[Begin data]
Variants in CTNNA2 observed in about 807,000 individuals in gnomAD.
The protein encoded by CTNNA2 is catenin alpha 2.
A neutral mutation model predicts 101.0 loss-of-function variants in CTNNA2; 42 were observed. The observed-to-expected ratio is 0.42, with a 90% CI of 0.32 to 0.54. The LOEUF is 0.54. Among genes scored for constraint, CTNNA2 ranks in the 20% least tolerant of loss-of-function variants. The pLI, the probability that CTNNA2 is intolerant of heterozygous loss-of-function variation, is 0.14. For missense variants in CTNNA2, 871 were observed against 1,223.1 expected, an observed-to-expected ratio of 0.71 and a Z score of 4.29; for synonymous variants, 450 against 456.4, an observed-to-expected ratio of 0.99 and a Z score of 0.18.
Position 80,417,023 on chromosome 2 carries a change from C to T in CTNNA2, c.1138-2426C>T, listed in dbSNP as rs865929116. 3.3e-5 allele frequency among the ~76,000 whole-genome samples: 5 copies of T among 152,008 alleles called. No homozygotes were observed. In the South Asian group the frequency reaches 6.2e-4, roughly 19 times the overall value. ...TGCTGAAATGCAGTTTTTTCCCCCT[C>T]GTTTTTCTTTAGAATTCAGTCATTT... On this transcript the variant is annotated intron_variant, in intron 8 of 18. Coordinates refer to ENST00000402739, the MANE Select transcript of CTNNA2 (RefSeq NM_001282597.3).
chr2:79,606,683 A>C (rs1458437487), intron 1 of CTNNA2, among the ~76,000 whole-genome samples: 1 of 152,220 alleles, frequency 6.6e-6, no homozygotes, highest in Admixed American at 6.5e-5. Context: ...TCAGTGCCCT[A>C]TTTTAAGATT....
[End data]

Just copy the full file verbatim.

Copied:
Variants in CTNNA2 observed in about 807,000 individuals in gnomAD.
The protein encoded by CTNNA2 is catenin alpha 2.
A neutral mutation model predicts 101.0 loss-of-function variants in CTNNA2; 42 were observed. The observed-to-expected ratio is 0.42, with a 90% CI of 0.32 to 0.54. The LOEUF is 0.54. Among genes scored for constraint, CTNNA2 ranks in the 20% least tolerant of loss-of-function variants. The pLI, the probability that CTNNA2 is intolerant of heterozygous loss-of-function variation, is 0.14. For missense variants in CTNNA2, 871 were observed against 1,223.1 expected, an observed-to-expected ratio of 0.71 and a Z score of 4.29; for synonymous variants, 450 against 456.4, an observed-to-expected ratio of 0.99 and a Z score of 0.18.
Position 80,417,023 on chromosome 2 carries a change from C to T in CTNNA2, c.1138-2426C>T, listed in dbSNP as rs865929116. 3.3e-5 allele frequency among the ~76,000 whole-genome samples: 5 copies of T among 152,008 alleles called. No homozygotes were observed. In the South Asian group the frequency reaches 6.2e-4, roughly 19 times the overall value. ...TGCTGAAATGCAGTTTTTTCCCCCT[C>T]GTTTTTCTTTAGAATTCAGTCATTT... On this transcript the variant is annotated intron_variant, in intron 8 of 18. Coordinates refer to ENST00000402739, the MANE Select transcript of CTNNA2 (RefSeq NM_001282597.3).
chr2:79,606,683 A>C (rs1458437487), intron 1 of CTNNA2, among the ~76,000 whole-genome samples: 1 of 152,220 alleles, frequency 6.6e-6, no homozygotes, highest in Admixed American at 6.5e-5. Context: ...TCAGTGCCCT[A>C]TTTTAAGATT....